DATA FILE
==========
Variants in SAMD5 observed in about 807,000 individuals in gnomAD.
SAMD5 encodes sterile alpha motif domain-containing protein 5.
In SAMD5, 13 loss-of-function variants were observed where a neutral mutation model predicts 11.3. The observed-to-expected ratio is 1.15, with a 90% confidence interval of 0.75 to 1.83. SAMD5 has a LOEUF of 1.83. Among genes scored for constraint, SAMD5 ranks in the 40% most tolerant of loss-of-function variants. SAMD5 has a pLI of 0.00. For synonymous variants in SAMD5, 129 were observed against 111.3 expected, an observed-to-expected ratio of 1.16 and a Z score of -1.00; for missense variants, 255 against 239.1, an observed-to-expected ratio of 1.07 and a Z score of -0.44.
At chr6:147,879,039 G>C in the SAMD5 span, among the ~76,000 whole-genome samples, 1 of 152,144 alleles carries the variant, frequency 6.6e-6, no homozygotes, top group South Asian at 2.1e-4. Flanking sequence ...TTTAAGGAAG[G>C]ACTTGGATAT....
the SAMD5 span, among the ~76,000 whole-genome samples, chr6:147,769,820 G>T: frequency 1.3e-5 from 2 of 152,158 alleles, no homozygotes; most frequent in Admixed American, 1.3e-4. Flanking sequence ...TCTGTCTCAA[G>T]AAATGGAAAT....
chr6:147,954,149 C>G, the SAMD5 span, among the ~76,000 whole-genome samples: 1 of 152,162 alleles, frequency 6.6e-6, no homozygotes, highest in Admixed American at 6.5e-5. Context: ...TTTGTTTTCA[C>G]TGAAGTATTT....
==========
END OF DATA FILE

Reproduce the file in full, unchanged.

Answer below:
Variants in SAMD5 observed in about 807,000 individuals in gnomAD.
SAMD5 encodes sterile alpha motif domain-containing protein 5.
In SAMD5, 13 loss-of-function variants were observed where a neutral mutation model predicts 11.3. The observed-to-expected ratio is 1.15, with a 90% confidence interval of 0.75 to 1.83. SAMD5 has a LOEUF of 1.83. Among genes scored for constraint, SAMD5 ranks in the 40% most tolerant of loss-of-function variants. SAMD5 has a pLI of 0.00. For synonymous variants in SAMD5, 129 were observed against 111.3 expected, an observed-to-expected ratio of 1.16 and a Z score of -1.00; for missense variants, 255 against 239.1, an observed-to-expected ratio of 1.07 and a Z score of -0.44.
At chr6:147,879,039 G>C in the SAMD5 span, among the ~76,000 whole-genome samples, 1 of 152,144 alleles carries the variant, frequency 6.6e-6, no homozygotes, top group South Asian at 2.1e-4. Flanking sequence ...TTTAAGGAAG[G>C]ACTTGGATAT....
the SAMD5 span, among the ~76,000 whole-genome samples, chr6:147,769,820 G>T: frequency 1.3e-5 from 2 of 152,158 alleles, no homozygotes; most frequent in Admixed American, 1.3e-4. Flanking sequence ...TCTGTCTCAA[G>T]AAATGGAAAT....
chr6:147,954,149 C>G, the SAMD5 span, among the ~76,000 whole-genome samples: 1 of 152,162 alleles, frequency 6.6e-6, no homozygotes, highest in Admixed American at 6.5e-5. Context: ...TTTGTTTTCA[C>G]TGAAGTATTT....